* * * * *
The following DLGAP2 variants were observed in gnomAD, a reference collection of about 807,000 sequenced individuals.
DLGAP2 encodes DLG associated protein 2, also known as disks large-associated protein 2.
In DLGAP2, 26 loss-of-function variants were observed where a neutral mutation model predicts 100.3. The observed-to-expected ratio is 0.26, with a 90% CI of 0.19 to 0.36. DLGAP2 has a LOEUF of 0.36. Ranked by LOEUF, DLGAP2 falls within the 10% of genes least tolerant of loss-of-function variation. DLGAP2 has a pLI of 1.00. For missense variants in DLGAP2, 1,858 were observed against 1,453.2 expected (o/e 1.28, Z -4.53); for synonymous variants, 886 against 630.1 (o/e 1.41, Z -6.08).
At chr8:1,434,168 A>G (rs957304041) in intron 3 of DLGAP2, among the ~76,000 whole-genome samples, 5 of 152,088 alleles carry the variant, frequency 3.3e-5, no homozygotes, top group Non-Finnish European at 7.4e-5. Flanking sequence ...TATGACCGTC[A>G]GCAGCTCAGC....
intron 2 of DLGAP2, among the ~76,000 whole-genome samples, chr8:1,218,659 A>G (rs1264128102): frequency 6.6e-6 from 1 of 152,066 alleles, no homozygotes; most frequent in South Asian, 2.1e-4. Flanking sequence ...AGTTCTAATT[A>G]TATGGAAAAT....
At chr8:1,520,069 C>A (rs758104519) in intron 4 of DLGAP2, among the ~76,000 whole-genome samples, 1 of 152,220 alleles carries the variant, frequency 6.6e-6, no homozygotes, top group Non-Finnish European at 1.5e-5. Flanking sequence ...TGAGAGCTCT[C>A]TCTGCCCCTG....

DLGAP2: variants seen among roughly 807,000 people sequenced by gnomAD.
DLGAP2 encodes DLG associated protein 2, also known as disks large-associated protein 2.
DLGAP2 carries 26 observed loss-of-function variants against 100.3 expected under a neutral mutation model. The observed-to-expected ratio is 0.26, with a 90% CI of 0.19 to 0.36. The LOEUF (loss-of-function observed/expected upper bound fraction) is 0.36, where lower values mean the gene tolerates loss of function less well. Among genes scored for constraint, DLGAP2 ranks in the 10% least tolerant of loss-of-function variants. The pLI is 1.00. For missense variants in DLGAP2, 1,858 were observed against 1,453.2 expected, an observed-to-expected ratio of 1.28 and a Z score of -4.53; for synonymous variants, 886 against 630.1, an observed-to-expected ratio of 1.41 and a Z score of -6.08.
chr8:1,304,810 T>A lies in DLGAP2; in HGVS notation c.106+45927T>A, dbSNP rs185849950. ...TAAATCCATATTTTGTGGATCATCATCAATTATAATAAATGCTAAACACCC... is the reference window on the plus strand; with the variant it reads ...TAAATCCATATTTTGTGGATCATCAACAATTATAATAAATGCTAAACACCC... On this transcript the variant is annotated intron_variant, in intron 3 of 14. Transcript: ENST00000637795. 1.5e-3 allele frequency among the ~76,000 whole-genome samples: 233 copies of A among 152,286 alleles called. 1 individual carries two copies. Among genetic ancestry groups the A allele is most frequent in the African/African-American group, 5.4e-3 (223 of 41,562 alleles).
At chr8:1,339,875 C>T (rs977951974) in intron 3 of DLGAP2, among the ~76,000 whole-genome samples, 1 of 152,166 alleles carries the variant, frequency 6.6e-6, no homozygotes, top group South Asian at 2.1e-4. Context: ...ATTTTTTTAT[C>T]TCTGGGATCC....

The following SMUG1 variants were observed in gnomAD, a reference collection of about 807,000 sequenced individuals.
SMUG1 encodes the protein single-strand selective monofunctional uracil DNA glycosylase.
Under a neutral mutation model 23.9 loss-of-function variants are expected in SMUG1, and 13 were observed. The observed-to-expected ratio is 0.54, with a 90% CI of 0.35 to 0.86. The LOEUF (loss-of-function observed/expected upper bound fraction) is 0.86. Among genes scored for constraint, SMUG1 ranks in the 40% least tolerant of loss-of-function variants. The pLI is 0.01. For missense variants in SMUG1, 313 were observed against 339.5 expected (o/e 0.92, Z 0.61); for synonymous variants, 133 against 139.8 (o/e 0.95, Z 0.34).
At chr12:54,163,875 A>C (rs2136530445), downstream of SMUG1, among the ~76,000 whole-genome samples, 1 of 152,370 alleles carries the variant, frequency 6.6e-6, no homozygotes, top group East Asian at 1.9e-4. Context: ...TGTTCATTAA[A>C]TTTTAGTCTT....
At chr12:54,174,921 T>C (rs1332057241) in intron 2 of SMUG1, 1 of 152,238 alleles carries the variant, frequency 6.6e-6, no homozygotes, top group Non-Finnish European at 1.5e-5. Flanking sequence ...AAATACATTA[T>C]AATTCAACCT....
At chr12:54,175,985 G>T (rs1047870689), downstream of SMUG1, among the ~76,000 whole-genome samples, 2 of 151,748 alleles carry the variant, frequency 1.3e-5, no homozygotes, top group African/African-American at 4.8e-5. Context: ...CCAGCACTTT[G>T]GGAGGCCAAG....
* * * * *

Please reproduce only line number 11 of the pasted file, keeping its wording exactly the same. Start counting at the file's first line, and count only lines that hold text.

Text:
At chr8:1,339,875 C>T (rs977951974) in intron 3 of DLGAP2, among the ~76,000 whole-genome samples, 1 of 152,166 alleles carries the variant, frequency 6.6e-6, no homozygotes, top group South Asian at 2.1e-4. Context: ...ATTTTTTTAT[C>T]TCTGGGATCC....